Swimming·CBC SPORTS IN TOKYO

Penny Oleksiak chasing Canadian Olympic history after making 200m freestyle final

Penny Oleksiak has a chance to win her sixth Olympic medal after qualifying for the women's 200-metre freestyle final.

Toronto swimmer has chance for record 6th Summer Olympic medal

Penny Oleksiak was fourth in her 200m freestyle semifinal to qualify sixth for Wednesday's final. (Getty Images)

There's just something about the Olympics that brings out the best in Canadian swimmer Penny Oleksiak. 

She lives for the big moment and thrives under pressure. And she's doing it again in Tokyo, even though for the past number of years she hasn't been performing her best. 

"I love stepping up to the occasion. Being able to step up on the world stage when everyone is watching is very exciting," Oleksiak told CBC Sports. "I love how everyone is always so positive. It's just awesome to be a part of Team Canada."

And now Oleksiak will swim for Canadian Olympic history on Wednesday morning in Tokyo (Tuesday night ET) after qualifying for the women's 200-metre freestyle final.

WATCH | Penny Oleksiak advances to 200m freestyle final:

Penny Oleksiak advances to women's 200m freestyle final while Summer McIntosh is out

3 months ago
12:54
Toronto's Penny Oleksiak advanced to the women's 200-metre freestyle final with the sixth-fastest qualifying time, while fellow Torontonian Summer McIntosh failed to advance. 12:54

If the 21-year-old Toronto swimmer makes the podium, it will be her sixth Olympic medal, the most by any Canadian athlete at a Summer Games. 

She won four in her first Olympics in 2016 in Rio — one gold, one silver and two bronze — and anchored the women's 4x100 freestyle relay team to silver earlier in these Olympics.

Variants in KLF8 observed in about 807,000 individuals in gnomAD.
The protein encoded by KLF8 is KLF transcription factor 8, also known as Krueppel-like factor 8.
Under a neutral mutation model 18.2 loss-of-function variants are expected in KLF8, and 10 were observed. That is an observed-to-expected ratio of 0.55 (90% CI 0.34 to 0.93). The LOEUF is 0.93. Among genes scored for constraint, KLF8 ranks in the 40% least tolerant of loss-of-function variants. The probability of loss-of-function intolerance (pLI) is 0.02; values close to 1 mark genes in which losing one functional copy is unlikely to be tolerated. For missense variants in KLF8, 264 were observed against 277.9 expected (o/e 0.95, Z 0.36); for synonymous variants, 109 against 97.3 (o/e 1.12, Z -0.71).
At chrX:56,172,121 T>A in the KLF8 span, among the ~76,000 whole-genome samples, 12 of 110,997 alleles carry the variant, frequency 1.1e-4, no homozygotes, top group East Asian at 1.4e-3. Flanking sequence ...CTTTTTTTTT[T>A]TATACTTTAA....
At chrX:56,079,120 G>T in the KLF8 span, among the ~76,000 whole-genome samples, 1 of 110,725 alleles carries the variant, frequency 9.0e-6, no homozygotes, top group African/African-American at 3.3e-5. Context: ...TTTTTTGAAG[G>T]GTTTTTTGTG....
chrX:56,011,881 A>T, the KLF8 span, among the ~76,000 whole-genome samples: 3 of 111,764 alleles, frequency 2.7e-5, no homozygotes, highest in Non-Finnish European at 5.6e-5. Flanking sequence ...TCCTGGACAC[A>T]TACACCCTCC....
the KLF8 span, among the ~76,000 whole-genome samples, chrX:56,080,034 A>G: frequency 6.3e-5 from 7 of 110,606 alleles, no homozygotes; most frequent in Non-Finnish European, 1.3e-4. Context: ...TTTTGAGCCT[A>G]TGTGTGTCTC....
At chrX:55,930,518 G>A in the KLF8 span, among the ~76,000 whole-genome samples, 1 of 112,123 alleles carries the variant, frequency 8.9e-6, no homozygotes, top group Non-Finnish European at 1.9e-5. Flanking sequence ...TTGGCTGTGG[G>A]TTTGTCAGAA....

Oleksiak finished fourth in her semifinal heat in a time of one minute 56.39 seconds, 1.57 seconds behind winner Ariarne Titmus, the Australian star who won gold in the 400m freestyle on Sunday. Oleksiak's time was sixth fastest of the eight who advanced.

"Definitely tougher than yesterday. I wasn't expecting what I did yesterday to drop a best time like that," she said. "Today with finals in the morning it's definitely an adjustment, but I honestly thought I was ninth so I'm happy to be in the final and I'm excited to swim."

Teen Summer McIntosh just misses making final

Canadian teenager Summer McIntosh was fifth in her semifinal and did not qualify for the final. The 14-year-old from Toronto was just outside the top eight with a time of 1:56.82.

Sydney Pickrem closed out the first session of the day at the pool for the Canadians by earning a spot in the women's 200m individual medley final.

Pickrem withdrew from the women's 400m IM just days earlier due to illness unrelated to COVID-19. But on Tuesday in the pool Pickrem was able to power her way into the final with a time of 2:09.94.

WATCH | Sydney Pickrem moves into final of 200m IM:

Halifax's Sydney Pickrem qualifies for the women's 200m individual medley final

3 months ago
6:02
Sydney Pickrem of Halifax had the sixth-fastest time in the semifinals to advance to the final of the women's 200-metre individual medley. 6:02

Oleksiak's performance in Rio five years ago catapulted the then 16-year-old into Canadian sporting stardom. But the pressure became too great at times for Oleksiak. In the years leading up to Tokyo she was not swimming her best and talked openly about the anxiety she had around competing.

She hadn't been swimming her best and she knew it. 

"I feel like I have been counted out," she said in early July. "I've been seeing these Olympic projections of finals and stuff like that. And I'm never in it." 

But at the Canadian nationals in June, Oleksiak swam her fastest time in the 100m freestyle event since winning gold in the event in Rio.

Canada's Summer McIntosh looks at her results in the women's 200m freestyle semifinal on Tuesday in Tokyo. (Frank Gunn/Canadian Press)

Nobody really knew what to expect from Oleksiak going into the trials. Even she admitted she wasn't completely sure how she would perform. 

Oleksiak needed that strong swim at the qualifying event for her confidence heading into the Games — she was brimming with it after that performance. 

After that race in June, Oleksiak took to Instagram, posting "count me out again."

And a few days later in Vancouver, at Team Canada's swimming staging camp in Vancouver, Oleksiak reiterated that feeling.

"If you know me, you know I'm going to be good for the Olympics," she said then. 

And Oleksiak still hasn't competed in the event she captured gold in Rio in a tie with American Simone Manual. The women's 100m freestyle goes Friday morning at the Tokyo Aquatics Centre.

ABOUT THE AUTHOR

Devin Heroux

CBC reporter

Devin Heroux reports for CBC News and Sports. He is now based in Toronto, after working first for the CBC in Calgary and Saskatoon.

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